# An Interesting Question, from Victor Niederhoffer

December 30, 2015 |

An interesting question occurs when you draw two random z's from a normal distribution. What is the distribution of the difference between the two numbers? I don't believe it's the distribution of the difference between z1-z2 derived from difference between means. It's a question that comes up when you look at say a regularity or lack thereof as of 3 am, say z1, and then find another regularity at say 8 am, say z2.

Mr. Downing was a great help to Value Line and this firm, and had the ability to answer such queries in 5 to 10 seconds. And he was careful not to allow the false observations of Wang from Value Line to completely invalidate the results. He had a fairly good tennis game also. I believe Mr. Doc will answer this query within 5 minutes.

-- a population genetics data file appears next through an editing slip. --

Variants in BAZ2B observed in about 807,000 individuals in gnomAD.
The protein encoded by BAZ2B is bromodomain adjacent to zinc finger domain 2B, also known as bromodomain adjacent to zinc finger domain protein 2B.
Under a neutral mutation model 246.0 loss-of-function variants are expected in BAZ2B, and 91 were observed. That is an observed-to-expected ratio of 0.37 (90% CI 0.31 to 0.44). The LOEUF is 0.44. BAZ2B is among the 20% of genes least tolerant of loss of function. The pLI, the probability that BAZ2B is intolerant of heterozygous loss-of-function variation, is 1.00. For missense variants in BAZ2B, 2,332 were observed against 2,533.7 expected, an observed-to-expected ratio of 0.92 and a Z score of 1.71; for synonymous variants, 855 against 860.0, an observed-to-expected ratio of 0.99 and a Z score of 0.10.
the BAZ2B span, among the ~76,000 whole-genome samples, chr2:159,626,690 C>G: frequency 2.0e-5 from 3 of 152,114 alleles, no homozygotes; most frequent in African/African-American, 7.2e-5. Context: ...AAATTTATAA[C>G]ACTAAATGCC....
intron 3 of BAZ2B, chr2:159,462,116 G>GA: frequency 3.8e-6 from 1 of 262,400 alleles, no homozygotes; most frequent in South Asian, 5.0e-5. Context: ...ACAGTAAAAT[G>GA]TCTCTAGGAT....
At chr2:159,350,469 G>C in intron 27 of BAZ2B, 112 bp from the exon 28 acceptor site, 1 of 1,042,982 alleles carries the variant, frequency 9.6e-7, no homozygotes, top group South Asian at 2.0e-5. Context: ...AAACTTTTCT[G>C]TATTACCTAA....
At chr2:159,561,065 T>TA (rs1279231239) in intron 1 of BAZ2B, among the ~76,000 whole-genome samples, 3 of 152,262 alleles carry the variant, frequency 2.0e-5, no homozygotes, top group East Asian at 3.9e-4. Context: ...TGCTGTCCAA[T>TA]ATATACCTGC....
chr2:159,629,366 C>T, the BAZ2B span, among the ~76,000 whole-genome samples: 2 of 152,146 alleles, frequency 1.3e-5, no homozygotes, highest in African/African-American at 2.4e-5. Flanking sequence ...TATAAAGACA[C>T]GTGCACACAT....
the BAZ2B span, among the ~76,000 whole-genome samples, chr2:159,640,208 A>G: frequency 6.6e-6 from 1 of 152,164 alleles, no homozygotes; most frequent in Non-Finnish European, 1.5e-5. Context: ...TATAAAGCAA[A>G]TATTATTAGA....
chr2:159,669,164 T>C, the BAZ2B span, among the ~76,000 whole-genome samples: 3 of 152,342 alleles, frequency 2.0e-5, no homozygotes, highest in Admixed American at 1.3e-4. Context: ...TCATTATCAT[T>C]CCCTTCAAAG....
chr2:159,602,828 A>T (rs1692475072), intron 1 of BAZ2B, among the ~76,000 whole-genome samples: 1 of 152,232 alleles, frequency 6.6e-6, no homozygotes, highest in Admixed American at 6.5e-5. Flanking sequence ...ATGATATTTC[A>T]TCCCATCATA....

The query would seem to relate to the average absolute difference between the two numbers. The average absolute z for the first z is 0.8. The average absolute difference between the first z and the second z by simulation turns out to be 1.1 with a standard deviation of 0.85. 95% of the absolute differences will be less than 2.8 and 5% of the differences will be greater than 0.1 the algebraic differences between the two are in accord with doc's original formula of 0 mean and standard deviation of 1.4. Thus, when looking at the difference between two z's from two independent patterns, one needs a big difference of 2.8 for it to have a 5% chance of occurring by random. Thanks to doc for running the simulation.